I have no problems with a BSN prepared nurse - like i said MANY of my friends are BSN prepared nurses and more of those are outside of work friends who agree with me that a BSN doesn't make a better nurse. I can't believe that in the nursing shortage we have and will continue to have, that you are convinced that everyone has to be a BSN prepared nurse to even start working! You must have no problem working with twice as many patients as is safe. Or is it that you think a BSN prepared nurse can handle twice as many patients safely? Maybe that's it...must be.

See, you'll also mentioned that your responses are from only ADN nurses...well, lets see maybe the majority of BSN prepared nurses have no problem working with an ADN prepared nurse!
 
ADNURSE1ST
 
Reply Tue 9 May, 2006 03:30 pm
Skyla you have a lot of nerve. I never called you stupid as you have done here to me and I don't think I'm eating my young! You need to look at that finger your pointing because there are 4 more pointing back at you!

Let's just be factual and honest!

I understand about better patient outcomes thorugh evidence-based practice. I know all about it, another term for it is Performance Improvement , and I understand the most recent Bachelor's degree study performed at the UNIVERSITY of Penn, Nursing school. It makes since that there study would say this it supports their school. It's ONE study. If you were in a more rural area and one of the ADN schools did a study what do you think there evidence would show!

What cracks me up is that our local University tried to do a 2 year program back in the late 80's they couldn't even get accreditated and were pushed to a BSN program......... So I went to one of the ACCREDITED Assosciate nursing programs in our state! A high rate of nurses couldn't even pass the boards from our 4 year program. I don't think you realize how it is that BSN programs came into existence.

I think the problem your dealing with is Demographics I live in a more rural area than you in Georgia and you can pretty much count on one hand how many Universities we have and only one University in the state has a nursing program. Where I live it does not require you to have a 4 year degree to work on computers. My uncle has a 2 year degree and works at GORMAN - you know the GPS and night vision people! I aslo have a friend with a 2 year degree who works for Symantecs(you know your Antivirus software- Norton, well and most every software that's not owned by MS) and they're not janitors, either! Speaking of computers and Microsoft did you know that Bill Gates never attended college and has a very successful business??? Not all of us live in big cities!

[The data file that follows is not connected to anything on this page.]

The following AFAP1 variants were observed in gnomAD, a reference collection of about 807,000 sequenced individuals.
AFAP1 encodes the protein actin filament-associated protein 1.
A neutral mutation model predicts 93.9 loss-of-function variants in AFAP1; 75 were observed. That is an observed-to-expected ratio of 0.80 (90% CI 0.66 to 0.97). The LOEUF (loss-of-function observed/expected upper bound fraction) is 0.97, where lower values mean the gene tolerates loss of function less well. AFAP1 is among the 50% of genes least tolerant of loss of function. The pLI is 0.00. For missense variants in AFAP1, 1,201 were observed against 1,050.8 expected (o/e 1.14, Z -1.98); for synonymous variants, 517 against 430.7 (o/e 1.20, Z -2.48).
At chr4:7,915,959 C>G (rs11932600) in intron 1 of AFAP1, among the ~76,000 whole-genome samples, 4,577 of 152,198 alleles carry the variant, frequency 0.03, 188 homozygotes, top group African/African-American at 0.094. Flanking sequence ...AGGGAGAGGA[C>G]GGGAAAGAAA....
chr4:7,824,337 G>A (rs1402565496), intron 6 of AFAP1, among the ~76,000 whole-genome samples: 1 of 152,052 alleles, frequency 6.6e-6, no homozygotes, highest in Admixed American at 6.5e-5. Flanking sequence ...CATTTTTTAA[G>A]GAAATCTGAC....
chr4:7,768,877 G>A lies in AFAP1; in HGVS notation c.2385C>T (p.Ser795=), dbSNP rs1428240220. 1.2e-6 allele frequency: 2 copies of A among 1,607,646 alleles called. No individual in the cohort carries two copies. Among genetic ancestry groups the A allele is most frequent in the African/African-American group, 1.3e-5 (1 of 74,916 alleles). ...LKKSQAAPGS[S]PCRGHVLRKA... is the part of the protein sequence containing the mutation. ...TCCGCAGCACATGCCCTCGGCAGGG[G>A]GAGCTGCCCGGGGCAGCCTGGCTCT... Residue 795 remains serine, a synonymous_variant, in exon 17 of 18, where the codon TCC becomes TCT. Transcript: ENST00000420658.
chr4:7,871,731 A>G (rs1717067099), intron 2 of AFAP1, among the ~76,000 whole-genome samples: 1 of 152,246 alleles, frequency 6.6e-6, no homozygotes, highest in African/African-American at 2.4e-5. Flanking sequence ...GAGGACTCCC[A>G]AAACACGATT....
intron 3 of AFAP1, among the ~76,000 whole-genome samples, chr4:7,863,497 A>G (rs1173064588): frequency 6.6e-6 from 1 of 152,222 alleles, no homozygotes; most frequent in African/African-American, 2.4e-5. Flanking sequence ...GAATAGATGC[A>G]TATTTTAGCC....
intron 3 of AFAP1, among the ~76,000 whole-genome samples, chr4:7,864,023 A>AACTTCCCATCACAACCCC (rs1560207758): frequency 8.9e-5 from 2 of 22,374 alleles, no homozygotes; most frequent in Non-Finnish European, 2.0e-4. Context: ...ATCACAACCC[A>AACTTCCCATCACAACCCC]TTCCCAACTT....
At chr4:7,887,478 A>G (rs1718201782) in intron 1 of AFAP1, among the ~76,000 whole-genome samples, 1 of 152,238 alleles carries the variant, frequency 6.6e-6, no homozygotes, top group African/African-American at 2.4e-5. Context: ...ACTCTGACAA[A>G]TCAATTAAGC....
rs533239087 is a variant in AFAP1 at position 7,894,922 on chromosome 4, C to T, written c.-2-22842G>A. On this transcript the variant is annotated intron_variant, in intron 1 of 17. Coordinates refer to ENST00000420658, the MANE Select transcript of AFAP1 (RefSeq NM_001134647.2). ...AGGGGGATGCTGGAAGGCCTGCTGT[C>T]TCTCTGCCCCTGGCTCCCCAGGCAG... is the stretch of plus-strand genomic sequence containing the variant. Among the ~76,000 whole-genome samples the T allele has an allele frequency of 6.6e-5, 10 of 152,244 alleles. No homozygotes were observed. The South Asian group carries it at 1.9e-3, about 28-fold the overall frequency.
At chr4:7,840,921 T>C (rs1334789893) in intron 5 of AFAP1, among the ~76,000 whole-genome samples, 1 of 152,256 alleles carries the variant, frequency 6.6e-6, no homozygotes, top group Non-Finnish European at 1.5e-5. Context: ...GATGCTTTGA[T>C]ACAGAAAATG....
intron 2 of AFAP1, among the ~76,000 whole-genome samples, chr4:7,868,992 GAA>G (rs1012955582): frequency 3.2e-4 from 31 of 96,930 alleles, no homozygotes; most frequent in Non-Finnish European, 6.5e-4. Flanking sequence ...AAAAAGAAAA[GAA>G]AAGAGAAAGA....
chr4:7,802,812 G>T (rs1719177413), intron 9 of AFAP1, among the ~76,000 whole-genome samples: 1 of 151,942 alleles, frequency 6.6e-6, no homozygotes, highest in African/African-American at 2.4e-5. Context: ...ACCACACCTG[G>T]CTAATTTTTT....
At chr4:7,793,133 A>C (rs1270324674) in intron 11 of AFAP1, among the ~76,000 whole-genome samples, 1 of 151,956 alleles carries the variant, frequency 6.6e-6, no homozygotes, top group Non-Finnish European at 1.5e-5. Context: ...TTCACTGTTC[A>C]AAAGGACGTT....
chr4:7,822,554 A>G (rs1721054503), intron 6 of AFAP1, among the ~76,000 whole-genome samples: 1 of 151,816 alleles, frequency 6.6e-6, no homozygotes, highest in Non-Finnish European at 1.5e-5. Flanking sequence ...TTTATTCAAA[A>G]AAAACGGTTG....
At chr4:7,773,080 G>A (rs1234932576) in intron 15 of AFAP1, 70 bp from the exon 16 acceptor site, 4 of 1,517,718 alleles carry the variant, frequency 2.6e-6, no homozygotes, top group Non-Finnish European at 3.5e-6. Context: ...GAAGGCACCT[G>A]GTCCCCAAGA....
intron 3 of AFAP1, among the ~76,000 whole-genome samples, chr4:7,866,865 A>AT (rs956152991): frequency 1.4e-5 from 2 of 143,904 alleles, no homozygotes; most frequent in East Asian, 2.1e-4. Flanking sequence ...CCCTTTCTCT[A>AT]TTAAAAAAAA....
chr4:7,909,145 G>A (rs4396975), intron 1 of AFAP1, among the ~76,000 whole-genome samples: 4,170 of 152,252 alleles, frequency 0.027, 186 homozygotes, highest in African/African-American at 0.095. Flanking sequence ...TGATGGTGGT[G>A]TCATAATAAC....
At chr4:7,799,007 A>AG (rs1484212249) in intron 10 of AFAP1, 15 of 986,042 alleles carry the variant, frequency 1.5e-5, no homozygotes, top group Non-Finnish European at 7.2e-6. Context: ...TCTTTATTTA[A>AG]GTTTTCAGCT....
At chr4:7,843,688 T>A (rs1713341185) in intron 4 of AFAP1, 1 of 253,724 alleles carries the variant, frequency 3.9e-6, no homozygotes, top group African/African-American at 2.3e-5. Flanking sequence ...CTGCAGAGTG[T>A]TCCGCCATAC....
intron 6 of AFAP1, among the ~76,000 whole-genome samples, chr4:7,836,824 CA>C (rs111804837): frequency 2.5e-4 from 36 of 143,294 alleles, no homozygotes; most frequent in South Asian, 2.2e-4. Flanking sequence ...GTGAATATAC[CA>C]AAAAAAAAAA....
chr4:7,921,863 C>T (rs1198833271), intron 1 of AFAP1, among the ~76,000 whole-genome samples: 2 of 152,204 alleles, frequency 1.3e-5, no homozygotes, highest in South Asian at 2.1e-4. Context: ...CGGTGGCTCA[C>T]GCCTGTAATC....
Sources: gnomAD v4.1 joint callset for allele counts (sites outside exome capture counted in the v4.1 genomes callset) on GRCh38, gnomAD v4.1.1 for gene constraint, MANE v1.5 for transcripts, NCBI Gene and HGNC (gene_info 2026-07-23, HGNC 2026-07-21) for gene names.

You are the one who brought up how dim you think ADN nurses are because of our lack of degree and your personal experience with some nurses and I think this pissed off a few of us so-called undereducated. nurses. The nurse who trained me in ICU is our resident cardiac expert has a ADN the doctors look to her for consults, she wrote a book on EKG interprettation. I just can't believe that a nurse in his day an age with your education would would have such and UNDIVERSE or bias view of their peers. Alos Docs go to school for 12 years so they can tell you the nurse what to do! That's why they get paid the REALLY big bucks!

Skyla, I almost think you work for the AACN, maybe your a MAGNET surveyor. I personally feel that the BENNER MODEL OF nursing is an excellent model it's based upon experience and skill not just education alone! I'm all about furthering education.

Again Kasey you can come work with me any time! I'd be gald to work with you! I'm degree neutral a good nurse is a good nurse no matter how you slice them! DO what's best for you and the path you want to run, because as far as I can see there is no end to this nursing shortage. You'll always find a job - You are a nurse. Be very proud of your ADN, you worked equally as hard for it and you have the ability to be as good if not better.
 
nightcat
 
Reply Wed 10 May, 2006 12:23 am
ADNURSE1ST and ljane05,

Thank you for seeing my point...I don't really care if a nurse has a BSN or ADN or whatever, or if they went straight to BSN, came through the ranks yada yada yada. I was just pissed off that someone (a fellow nurse even) thought that if you didn't have a bachelors, you were not as smart, nor could give excellent critical care, period. It just opened up so many other topics and situations.

And yes, when you point fingers, you better be careful cuz those other three can get you into some pretty hot water!!! (I've always loved that saying)

BTW nice comments in the other topic discussion, LMAO!!!! Laughing